Joel Fletcher taps into old-school with “Rumble”, released on Dharma

Joel Fletcher taps into old-school with “Rumble”, released on Dharma

77%Overall Score

• Eccentric craftwork
• Excellent breakdown atmosphere
• Techy influence with the lead

Together with aliases such as Will Sparks and Timmy Trumpet, Joel Fletcher is one of the most recognizable faces in the Melbourne dance scene and its bounce subgenre, which is characterized by upbeat basses and a distinct darker sound: all available in “Rumble”, a fresh release from the said alias in KSHMR’s Dharma Worldwide imprint.

My expectations were waiting for something unique, and I wasn’t let down: the track is perfect for a review! Yes, it didn’t turn me into a fan of its peculiar finale, but if you are here for originality, this is the right place. One has to admire the penchant Joel has for experimenting with minimal drop sequences, containing his signature Bounce lead and a Techno-suffused mix of vocals and basses. The steel drums supplement the recipe with a futuristic feel, a much-appreciated addition!

The vocals hold a hypnotic sway, although confusing me in the long run as it’s a dominant character. Then, I focused on the top-notch bassline, a clear testament to Joel’s experience with his native genre and similar to his prior releases. The breakdown, though, reserved some other surprises.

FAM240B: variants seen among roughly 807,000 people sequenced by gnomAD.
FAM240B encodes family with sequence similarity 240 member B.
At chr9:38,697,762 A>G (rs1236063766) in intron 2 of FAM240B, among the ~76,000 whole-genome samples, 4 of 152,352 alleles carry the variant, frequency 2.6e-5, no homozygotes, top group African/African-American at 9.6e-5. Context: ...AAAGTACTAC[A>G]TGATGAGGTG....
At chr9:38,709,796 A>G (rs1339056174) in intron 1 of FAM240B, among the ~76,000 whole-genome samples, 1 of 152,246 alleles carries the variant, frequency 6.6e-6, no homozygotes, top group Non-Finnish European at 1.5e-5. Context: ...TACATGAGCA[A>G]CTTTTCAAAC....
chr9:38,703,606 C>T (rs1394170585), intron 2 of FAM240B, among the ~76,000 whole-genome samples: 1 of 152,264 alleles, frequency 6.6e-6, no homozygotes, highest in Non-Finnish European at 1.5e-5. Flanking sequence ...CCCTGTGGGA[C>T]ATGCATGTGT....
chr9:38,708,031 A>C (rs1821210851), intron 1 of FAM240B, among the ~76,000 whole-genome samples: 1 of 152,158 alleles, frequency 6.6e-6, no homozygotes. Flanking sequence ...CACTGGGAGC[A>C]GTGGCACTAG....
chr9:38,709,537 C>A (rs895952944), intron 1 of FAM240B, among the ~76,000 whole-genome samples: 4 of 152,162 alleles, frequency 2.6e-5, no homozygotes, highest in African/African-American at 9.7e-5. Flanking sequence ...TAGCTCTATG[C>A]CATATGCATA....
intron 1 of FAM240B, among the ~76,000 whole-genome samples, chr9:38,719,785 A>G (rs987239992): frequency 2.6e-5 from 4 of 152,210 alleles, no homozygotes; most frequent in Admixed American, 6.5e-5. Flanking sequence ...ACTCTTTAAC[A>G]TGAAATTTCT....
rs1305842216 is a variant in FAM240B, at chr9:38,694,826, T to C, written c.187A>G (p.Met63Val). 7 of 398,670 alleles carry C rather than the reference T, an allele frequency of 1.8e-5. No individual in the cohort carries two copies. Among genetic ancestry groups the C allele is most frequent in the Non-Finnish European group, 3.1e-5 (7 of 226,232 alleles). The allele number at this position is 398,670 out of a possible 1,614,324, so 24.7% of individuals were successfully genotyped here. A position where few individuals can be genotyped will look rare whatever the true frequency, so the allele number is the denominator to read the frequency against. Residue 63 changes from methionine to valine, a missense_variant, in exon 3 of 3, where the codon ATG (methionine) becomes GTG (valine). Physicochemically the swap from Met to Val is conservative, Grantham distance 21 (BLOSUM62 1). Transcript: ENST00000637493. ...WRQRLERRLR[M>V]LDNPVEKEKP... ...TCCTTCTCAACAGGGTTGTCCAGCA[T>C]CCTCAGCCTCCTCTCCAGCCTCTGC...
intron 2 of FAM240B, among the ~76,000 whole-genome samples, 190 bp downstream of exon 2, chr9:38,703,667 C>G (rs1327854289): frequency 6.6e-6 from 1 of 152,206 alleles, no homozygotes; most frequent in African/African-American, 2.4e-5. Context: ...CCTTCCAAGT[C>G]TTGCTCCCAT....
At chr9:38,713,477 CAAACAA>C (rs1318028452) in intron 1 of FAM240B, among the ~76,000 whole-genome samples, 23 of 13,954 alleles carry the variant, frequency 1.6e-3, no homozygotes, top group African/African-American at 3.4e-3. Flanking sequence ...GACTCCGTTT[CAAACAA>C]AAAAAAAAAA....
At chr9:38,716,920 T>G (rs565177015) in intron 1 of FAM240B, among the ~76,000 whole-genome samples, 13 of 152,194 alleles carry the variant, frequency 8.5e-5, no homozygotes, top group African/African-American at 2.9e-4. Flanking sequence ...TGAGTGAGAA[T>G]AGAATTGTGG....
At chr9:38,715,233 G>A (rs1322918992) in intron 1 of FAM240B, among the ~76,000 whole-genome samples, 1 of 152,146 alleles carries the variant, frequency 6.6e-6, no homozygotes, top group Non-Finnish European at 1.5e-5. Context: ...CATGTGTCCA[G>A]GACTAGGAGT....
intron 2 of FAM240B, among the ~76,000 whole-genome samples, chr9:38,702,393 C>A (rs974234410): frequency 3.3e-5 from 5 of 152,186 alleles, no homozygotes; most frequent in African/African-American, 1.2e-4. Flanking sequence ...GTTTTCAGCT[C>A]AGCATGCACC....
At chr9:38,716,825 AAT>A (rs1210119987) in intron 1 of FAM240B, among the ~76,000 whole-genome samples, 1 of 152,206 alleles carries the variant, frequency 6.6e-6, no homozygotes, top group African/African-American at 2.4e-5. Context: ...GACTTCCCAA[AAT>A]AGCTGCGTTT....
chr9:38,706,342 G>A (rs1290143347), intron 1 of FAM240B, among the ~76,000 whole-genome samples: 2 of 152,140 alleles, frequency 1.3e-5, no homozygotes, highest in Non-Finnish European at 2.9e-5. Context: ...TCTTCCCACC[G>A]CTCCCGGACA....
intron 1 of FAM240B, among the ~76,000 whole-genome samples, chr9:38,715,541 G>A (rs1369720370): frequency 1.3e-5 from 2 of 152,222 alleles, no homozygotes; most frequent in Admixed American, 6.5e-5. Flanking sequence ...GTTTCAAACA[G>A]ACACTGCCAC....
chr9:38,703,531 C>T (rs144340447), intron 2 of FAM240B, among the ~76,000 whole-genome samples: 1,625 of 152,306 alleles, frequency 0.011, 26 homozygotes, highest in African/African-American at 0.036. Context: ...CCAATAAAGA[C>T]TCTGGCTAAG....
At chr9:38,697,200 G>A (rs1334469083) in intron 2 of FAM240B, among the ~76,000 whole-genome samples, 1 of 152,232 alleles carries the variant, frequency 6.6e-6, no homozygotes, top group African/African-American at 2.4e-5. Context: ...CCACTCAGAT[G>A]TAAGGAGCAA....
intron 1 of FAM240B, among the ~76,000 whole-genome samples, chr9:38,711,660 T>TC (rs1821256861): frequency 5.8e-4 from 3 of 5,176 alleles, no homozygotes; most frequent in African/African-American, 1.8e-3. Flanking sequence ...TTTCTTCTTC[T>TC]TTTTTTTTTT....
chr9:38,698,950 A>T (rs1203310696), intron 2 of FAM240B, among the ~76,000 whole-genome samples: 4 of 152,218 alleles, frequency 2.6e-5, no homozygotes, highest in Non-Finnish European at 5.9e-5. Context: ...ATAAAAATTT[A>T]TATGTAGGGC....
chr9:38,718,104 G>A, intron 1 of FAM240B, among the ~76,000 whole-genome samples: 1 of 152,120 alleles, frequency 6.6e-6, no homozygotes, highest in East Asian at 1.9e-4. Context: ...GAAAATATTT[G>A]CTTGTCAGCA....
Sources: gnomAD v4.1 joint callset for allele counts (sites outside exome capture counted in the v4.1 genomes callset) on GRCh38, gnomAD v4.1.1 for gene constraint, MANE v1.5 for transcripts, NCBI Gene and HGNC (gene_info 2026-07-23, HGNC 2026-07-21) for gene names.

A cinematic sequence merges with the vocal loop finally left idle in the background as the climax escalates. Here I noticed the fine art of managing the build-up, as I was craving for the final drop to hit, especially when those main leads began to slowly unroll… concluding with a revisit from the first drop with the same instruments.

Is it Melbourne Bounce? In theory, yes, committed to Fletcher’s usual ideas. However, there’s a minimalist Techno sound here just like Will Sparks‘ recent endeavors, something which has created a brand new artistic current in the genre. Still in the beginning phase, results such as “Rumble” are a bit raw, but there’s promising progress ahead should these productive experiments continue.

You can listen to “Rumble” here: